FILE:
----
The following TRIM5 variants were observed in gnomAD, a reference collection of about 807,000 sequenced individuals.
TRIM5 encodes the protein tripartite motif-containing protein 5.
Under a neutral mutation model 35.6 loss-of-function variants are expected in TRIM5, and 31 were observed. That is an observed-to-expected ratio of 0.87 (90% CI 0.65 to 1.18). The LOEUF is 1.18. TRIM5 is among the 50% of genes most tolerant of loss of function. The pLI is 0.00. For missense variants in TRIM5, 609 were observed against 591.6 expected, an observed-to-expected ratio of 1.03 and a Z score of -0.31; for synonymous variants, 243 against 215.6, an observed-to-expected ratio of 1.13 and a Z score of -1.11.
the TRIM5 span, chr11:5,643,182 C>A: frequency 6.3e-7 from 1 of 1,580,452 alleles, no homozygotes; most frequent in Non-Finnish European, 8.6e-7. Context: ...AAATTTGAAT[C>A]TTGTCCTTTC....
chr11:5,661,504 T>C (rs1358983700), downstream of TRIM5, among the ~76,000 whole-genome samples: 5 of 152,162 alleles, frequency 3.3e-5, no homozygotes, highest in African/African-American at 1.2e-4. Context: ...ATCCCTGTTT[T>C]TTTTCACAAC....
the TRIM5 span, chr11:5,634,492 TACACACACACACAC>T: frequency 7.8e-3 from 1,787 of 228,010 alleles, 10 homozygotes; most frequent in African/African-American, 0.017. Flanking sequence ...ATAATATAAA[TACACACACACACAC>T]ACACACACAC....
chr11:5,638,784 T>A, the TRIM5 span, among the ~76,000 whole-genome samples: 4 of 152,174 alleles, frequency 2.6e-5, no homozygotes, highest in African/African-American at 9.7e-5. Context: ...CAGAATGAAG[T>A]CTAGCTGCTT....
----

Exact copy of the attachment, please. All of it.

The following TRIM5 variants were observed in gnomAD, a reference collection of about 807,000 sequenced individuals.
TRIM5 encodes the protein tripartite motif-containing protein 5.
Under a neutral mutation model 35.6 loss-of-function variants are expected in TRIM5, and 31 were observed. That is an observed-to-expected ratio of 0.87 (90% CI 0.65 to 1.18). The LOEUF is 1.18. TRIM5 is among the 50% of genes most tolerant of loss of function. The pLI is 0.00. For missense variants in TRIM5, 609 were observed against 591.6 expected, an observed-to-expected ratio of 1.03 and a Z score of -0.31; for synonymous variants, 243 against 215.6, an observed-to-expected ratio of 1.13 and a Z score of -1.11.
the TRIM5 span, chr11:5,643,182 C>A: frequency 6.3e-7 from 1 of 1,580,452 alleles, no homozygotes; most frequent in Non-Finnish European, 8.6e-7. Context: ...AAATTTGAAT[C>A]TTGTCCTTTC....
chr11:5,661,504 T>C (rs1358983700), downstream of TRIM5, among the ~76,000 whole-genome samples: 5 of 152,162 alleles, frequency 3.3e-5, no homozygotes, highest in African/African-American at 1.2e-4. Context: ...ATCCCTGTTT[T>C]TTTTCACAAC....
the TRIM5 span, chr11:5,634,492 TACACACACACACAC>T: frequency 7.8e-3 from 1,787 of 228,010 alleles, 10 homozygotes; most frequent in African/African-American, 0.017. Flanking sequence ...ATAATATAAA[TACACACACACACAC>T]ACACACACAC....
chr11:5,638,784 T>A, the TRIM5 span, among the ~76,000 whole-genome samples: 4 of 152,174 alleles, frequency 2.6e-5, no homozygotes, highest in African/African-American at 9.7e-5. Context: ...CAGAATGAAG[T>A]CTAGCTGCTT....